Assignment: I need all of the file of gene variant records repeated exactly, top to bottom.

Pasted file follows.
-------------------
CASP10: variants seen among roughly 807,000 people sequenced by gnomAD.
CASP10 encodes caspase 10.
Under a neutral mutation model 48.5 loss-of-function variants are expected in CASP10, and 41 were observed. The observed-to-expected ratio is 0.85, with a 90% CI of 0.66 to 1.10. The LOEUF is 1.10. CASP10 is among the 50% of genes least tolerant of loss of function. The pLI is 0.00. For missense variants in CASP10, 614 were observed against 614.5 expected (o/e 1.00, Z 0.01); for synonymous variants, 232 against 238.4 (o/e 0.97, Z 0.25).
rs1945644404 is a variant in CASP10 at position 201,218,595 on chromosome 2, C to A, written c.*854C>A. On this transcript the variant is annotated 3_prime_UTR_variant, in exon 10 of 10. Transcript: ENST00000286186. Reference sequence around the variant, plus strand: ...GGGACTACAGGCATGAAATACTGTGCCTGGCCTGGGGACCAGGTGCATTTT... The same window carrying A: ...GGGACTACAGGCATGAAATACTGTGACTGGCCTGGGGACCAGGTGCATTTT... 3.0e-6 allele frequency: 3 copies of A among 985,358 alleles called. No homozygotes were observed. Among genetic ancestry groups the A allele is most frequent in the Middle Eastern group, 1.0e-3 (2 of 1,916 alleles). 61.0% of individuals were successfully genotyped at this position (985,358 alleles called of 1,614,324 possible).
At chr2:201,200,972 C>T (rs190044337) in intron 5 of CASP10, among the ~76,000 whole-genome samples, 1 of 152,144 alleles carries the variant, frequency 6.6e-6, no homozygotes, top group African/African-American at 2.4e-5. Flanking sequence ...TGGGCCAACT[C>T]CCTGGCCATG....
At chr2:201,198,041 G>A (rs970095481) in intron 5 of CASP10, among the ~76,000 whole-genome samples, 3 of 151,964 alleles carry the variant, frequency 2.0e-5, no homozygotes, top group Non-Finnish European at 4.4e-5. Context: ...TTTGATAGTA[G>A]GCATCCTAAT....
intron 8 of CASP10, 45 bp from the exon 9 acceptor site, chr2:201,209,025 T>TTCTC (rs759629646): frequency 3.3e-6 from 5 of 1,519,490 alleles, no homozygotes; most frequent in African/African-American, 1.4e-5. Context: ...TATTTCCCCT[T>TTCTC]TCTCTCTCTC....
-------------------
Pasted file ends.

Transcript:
CASP10: variants seen among roughly 807,000 people sequenced by gnomAD.
CASP10 encodes caspase 10.
Under a neutral mutation model 48.5 loss-of-function variants are expected in CASP10, and 41 were observed. The observed-to-expected ratio is 0.85, with a 90% CI of 0.66 to 1.10. The LOEUF is 1.10. CASP10 is among the 50% of genes least tolerant of loss of function. The pLI is 0.00. For missense variants in CASP10, 614 were observed against 614.5 expected (o/e 1.00, Z 0.01); for synonymous variants, 232 against 238.4 (o/e 0.97, Z 0.25).
rs1945644404 is a variant in CASP10 at position 201,218,595 on chromosome 2, C to A, written c.*854C>A. On this transcript the variant is annotated 3_prime_UTR_variant, in exon 10 of 10. Transcript: ENST00000286186. Reference sequence around the variant, plus strand: ...GGGACTACAGGCATGAAATACTGTGCCTGGCCTGGGGACCAGGTGCATTTT... The same window carrying A: ...GGGACTACAGGCATGAAATACTGTGACTGGCCTGGGGACCAGGTGCATTTT... 3.0e-6 allele frequency: 3 copies of A among 985,358 alleles called. No homozygotes were observed. Among genetic ancestry groups the A allele is most frequent in the Middle Eastern group, 1.0e-3 (2 of 1,916 alleles). 61.0% of individuals were successfully genotyped at this position (985,358 alleles called of 1,614,324 possible).
At chr2:201,200,972 C>T (rs190044337) in intron 5 of CASP10, among the ~76,000 whole-genome samples, 1 of 152,144 alleles carries the variant, frequency 6.6e-6, no homozygotes, top group African/African-American at 2.4e-5. Flanking sequence ...TGGGCCAACT[C>T]CCTGGCCATG....
At chr2:201,198,041 G>A (rs970095481) in intron 5 of CASP10, among the ~76,000 whole-genome samples, 3 of 151,964 alleles carry the variant, frequency 2.0e-5, no homozygotes, top group Non-Finnish European at 4.4e-5. Context: ...TTTGATAGTA[G>A]GCATCCTAAT....
intron 8 of CASP10, 45 bp from the exon 9 acceptor site, chr2:201,209,025 T>TTCTC (rs759629646): frequency 3.3e-6 from 5 of 1,519,490 alleles, no homozygotes; most frequent in African/African-American, 1.4e-5. Context: ...TATTTCCCCT[T>TTCTC]TCTCTCTCTC....